False chanterelles[i] get their common name from a superficial resemblance to chanterelle mushrooms, though a forager with any experience will not likely confuse the two. The most distinct of several differences is that false chanterelles have gills, whereas real chanterelles have only low, branched ridges. Another interesting difference is that because chanterelles grow symbiotically with tree roots, they are deeply attached to the ground, whereas false chanterelles grow on forest litter and are therefore easy to pick up.
The resemblance to the jack-o-lantern mushroom is closer; the one could be mistaken for the other. Jacks are poisonous. Whether false chanterelles are poisonous is hard to say, since some people eat it without difficulty (the flavor is reportedly poor, though), while others become mildly ill[ii]. While research suggests the species could be a source of some medically useful substances, it is not currently regarded as medicinal, nor is it widely used in any way.
False chanterelles grow across much of North America and Europe.
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False Chanterelle Identification and Description
Cap: Small to mid-sized, either flat or slightly depressed, pale yellow, orange, orange-brown, or, when older, yellow-brown. The surface is dry, soft, and very slightly velvety. The interior flesh is thin and whitish.
Gills: Orange, soft, crowded, and forked. The gills run partially down the stem.
Stem: Short, thin, and often slightly off-center. Usually orange, or whatever color the cap is, but can turn brown.
Smell: Either “mushroomy” or odorless. Two look-alikes, the golden chanterelle and the jack-o-lantern, each do have distinctive odors, making odorlessness a good field mark.
Taste: Not distinctive for ID purposes.
Spores: Ellipsoid, smooth, often dextrinoid.
Spore color: White
Edibility: Not recommended.
Habitat: Eats woody debris, such as forest litter or woodchips. Only colonizes logs and stumps when these are already well-rotted. Often, but not always, under conifers.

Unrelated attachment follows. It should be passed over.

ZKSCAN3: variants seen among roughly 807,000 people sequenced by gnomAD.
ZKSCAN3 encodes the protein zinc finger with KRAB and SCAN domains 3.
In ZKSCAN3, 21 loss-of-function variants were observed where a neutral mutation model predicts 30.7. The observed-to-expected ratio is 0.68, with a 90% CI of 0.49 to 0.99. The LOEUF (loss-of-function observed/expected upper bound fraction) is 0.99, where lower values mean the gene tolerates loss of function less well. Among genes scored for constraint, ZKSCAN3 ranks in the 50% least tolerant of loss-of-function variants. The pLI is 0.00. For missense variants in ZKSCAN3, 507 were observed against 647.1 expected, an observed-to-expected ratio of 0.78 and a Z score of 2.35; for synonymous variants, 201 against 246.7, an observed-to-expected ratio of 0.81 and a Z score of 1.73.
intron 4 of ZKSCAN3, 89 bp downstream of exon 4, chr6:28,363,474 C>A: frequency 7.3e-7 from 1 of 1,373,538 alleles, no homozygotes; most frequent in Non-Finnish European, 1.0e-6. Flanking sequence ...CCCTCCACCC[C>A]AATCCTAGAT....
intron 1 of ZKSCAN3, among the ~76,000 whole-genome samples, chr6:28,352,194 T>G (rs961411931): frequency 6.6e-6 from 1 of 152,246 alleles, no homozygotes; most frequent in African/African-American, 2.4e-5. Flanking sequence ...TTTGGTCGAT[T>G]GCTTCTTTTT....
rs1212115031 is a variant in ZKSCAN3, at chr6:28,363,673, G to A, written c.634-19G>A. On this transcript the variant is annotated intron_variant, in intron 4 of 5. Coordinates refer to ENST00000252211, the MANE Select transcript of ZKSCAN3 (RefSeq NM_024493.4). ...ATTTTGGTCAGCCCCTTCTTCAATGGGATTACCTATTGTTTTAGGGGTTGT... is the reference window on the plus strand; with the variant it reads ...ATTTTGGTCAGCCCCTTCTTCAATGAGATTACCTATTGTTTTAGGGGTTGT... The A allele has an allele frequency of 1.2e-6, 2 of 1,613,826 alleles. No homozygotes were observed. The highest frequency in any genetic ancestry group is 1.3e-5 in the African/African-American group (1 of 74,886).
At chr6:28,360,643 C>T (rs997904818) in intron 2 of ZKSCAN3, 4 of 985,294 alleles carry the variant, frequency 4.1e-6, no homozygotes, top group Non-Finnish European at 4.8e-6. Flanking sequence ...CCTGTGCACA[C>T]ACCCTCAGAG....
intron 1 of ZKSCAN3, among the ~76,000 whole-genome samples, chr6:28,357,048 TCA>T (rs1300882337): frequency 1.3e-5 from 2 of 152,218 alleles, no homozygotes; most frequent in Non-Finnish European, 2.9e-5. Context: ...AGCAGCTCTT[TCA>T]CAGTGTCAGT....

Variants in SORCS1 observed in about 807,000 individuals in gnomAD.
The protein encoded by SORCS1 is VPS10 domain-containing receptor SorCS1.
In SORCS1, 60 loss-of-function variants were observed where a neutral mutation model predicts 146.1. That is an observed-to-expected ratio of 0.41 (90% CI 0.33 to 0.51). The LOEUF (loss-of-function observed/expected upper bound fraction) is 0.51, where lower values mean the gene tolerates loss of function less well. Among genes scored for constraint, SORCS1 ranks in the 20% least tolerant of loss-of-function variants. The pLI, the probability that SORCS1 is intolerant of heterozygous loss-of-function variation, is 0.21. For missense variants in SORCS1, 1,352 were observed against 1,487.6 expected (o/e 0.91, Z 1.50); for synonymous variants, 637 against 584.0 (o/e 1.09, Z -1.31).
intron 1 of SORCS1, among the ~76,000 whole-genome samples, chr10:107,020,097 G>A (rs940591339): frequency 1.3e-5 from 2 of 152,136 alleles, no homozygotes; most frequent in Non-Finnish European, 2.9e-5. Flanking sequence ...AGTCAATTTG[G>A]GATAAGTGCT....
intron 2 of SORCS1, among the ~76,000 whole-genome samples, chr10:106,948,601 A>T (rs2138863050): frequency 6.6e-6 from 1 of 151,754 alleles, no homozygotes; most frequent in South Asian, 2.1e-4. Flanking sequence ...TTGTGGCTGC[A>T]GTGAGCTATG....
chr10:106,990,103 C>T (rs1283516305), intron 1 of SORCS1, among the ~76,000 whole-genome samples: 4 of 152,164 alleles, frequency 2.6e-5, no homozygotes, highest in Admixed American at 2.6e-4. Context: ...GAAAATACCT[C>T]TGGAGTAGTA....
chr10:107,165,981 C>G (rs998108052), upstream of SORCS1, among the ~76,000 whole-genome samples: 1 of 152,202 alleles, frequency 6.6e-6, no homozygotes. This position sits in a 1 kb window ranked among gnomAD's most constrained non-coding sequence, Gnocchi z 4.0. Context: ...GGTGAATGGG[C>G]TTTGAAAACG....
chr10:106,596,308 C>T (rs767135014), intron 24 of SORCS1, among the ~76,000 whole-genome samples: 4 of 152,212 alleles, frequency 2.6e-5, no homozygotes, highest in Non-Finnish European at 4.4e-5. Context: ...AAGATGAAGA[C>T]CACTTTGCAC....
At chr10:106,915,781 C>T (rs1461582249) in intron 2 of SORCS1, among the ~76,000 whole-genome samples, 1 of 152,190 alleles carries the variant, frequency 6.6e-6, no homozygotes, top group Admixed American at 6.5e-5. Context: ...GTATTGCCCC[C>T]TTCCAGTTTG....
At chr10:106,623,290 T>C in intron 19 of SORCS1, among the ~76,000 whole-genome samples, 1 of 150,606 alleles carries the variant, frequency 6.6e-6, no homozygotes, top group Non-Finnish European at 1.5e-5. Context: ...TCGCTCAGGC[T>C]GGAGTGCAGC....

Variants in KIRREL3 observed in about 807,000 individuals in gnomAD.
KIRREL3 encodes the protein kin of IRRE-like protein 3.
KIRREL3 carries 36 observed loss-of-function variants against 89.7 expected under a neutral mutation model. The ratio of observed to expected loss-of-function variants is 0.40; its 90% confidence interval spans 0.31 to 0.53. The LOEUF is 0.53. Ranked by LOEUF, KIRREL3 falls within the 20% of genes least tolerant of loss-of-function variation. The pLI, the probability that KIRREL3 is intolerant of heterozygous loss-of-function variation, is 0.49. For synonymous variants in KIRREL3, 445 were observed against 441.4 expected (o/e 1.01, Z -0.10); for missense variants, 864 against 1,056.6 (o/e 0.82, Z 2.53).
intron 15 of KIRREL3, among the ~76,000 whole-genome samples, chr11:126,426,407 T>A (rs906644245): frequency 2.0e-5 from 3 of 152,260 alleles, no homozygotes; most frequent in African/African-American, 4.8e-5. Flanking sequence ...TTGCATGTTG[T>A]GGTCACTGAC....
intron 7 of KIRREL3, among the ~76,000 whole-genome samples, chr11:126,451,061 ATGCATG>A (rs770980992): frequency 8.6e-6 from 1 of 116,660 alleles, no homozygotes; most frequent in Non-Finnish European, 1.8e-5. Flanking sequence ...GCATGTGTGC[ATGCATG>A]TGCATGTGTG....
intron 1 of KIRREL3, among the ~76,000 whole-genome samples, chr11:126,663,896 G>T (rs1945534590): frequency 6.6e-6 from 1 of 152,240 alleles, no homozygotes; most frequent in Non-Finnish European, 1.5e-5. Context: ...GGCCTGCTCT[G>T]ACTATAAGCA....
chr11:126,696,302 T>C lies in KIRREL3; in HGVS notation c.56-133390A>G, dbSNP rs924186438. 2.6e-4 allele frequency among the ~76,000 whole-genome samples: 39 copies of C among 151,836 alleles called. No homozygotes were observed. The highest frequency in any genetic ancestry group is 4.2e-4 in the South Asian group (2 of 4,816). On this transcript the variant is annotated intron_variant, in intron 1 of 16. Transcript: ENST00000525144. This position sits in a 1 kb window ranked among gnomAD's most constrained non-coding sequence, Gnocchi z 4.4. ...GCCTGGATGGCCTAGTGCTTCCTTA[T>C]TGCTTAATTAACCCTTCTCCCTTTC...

Although the false chanterelle is not as difficult to identify as the name would imply, three sources of potential confusion are worth noting. First, the color is highly variable and not a reliable field mark. Second, the species has had many different scientific names over the years, reflecting shifting ideas about what other species this one is related to[iii]. So, for example, some older sources might actually list this species as an odd kind of chanterelle, or it might be listed as part of half a dozen other groups. Third, the false chanterelle is one of several closely-related and very similar species that may or may not be properly differentiated by writers on mushrooms[iv].
When learning to identify mushroom species, it’s important to make sure your information source is correct and up to date.
While few people seek the false chanterelle for its own sake, beginners interested in real chanterelles should definitely learn the difference.
False Chanterelle Mushroom Benefits
Some research suggests that the false chanterelle could be a source of an anti-cancer drug[v], although since many experts recommend not eating this mushroom, the question is moot for consumers. Similarly, there is little point in detailing the nutritional benefits of something that should not be eaten.
False Chanterelle Mushroom Dosage
False chanterelle is not currently used medicinally, so there is no dosage recommendation.
False Chanterelle Mushroom Toxicity, Safety & Side Effects
Although some people eat false chanterelle without ill effects, others are mildly sickened. There are also unconfirmed reports of hallucinations in people who ate this mushroom[vi]. While the false chanterelle can’t be definitively said to be poisonous, it’s not recommended, and reportedly tastes terrible anyway.
Note that while some people seek hallucinogenic mushrooms deliberately, this is not a good one to seek; the reports of hallucinations have not been confirmed while the reports of illness have been.
[i] Kuo, M. (2015). Hygrophoropsis autantiaca. MushroomExpert website, accessed February 22, 2020.
[ii] Roel, T. (2017). #196: Hugrophoropsis aurantiaca, The False Chanterellel. Fungus Fact Friday website, accessed February 22, 2020.
[iii] Hygrophoropsis aurantiaca (Wulfen) Maire—False Chanterelle. First Nature website, accessed February 22, 2020.
[iv] Kibby, G. (2012). The Hygrophoropsis aurantiaca Complex. Field Mycology 13(2): 43-50.
[v] Nowak, R., Drozd, M., Mendyk, E., Lemieszek, Krakowiak, O., Kisiel, W., Rzeski, W. Szewczyk, K. (2016). A New Method for the Isolation of Ergosterol and Peroxyergosterol as Active Compounds of Hygrophoropsis aurantiaca and in Vitro Antiproliferative Activity of Isolated Ergosterol Peroxide. Molecules 21(7).
[vi] Roel, T. (2017). #196: Hugrophoropsis aurantiaca, The False Chanterellel. Fungus Fact Friday website, accessed February 22, 2020.